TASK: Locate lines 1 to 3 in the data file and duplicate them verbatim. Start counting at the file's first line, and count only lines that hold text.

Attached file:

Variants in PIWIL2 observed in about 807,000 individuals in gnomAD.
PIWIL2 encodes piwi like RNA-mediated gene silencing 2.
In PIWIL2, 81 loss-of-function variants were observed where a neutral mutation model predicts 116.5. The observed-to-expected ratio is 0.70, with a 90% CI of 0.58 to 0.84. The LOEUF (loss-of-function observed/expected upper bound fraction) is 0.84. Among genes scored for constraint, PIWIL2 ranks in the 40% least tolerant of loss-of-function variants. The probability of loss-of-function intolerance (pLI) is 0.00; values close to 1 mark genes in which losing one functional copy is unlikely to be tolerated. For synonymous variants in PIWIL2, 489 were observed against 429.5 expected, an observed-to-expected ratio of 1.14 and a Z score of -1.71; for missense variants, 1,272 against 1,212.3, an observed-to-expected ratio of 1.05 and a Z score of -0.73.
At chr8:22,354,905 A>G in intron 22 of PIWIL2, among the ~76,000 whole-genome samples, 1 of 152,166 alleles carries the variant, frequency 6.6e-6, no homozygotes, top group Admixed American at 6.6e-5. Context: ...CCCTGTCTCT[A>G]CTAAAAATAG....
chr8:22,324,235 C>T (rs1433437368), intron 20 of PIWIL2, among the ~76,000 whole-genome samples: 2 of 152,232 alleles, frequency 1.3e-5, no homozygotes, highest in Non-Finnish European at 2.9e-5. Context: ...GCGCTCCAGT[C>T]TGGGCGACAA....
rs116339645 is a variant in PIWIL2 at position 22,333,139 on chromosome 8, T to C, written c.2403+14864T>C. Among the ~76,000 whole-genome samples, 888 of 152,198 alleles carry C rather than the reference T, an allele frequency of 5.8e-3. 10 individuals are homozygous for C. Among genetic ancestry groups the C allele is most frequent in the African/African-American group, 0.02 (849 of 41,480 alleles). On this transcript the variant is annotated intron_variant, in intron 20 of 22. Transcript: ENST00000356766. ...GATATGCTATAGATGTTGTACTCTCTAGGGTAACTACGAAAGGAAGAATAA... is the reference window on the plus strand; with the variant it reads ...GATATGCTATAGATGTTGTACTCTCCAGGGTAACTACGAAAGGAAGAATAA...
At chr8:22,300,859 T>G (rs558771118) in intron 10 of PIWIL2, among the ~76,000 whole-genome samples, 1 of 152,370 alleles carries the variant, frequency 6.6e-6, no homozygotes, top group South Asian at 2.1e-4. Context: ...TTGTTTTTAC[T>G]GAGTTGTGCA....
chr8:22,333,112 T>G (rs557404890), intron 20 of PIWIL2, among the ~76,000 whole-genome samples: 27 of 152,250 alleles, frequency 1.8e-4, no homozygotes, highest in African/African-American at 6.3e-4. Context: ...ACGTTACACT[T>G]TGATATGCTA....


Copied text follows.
Variants in PIWIL2 observed in about 807,000 individuals in gnomAD.
PIWIL2 encodes piwi like RNA-mediated gene silencing 2.
In PIWIL2, 81 loss-of-function variants were observed where a neutral mutation model predicts 116.5. The observed-to-expected ratio is 0.70, with a 90% CI of 0.58 to 0.84. The LOEUF (loss-of-function observed/expected upper bound fraction) is 0.84. Among genes scored for constraint, PIWIL2 ranks in the 40% least tolerant of loss-of-function variants. The probability of loss-of-function intolerance (pLI) is 0.00; values close to 1 mark genes in which losing one functional copy is unlikely to be tolerated. For synonymous variants in PIWIL2, 489 were observed against 429.5 expected, an observed-to-expected ratio of 1.14 and a Z score of -1.71; for missense variants, 1,272 against 1,212.3, an observed-to-expected ratio of 1.05 and a Z score of -0.73.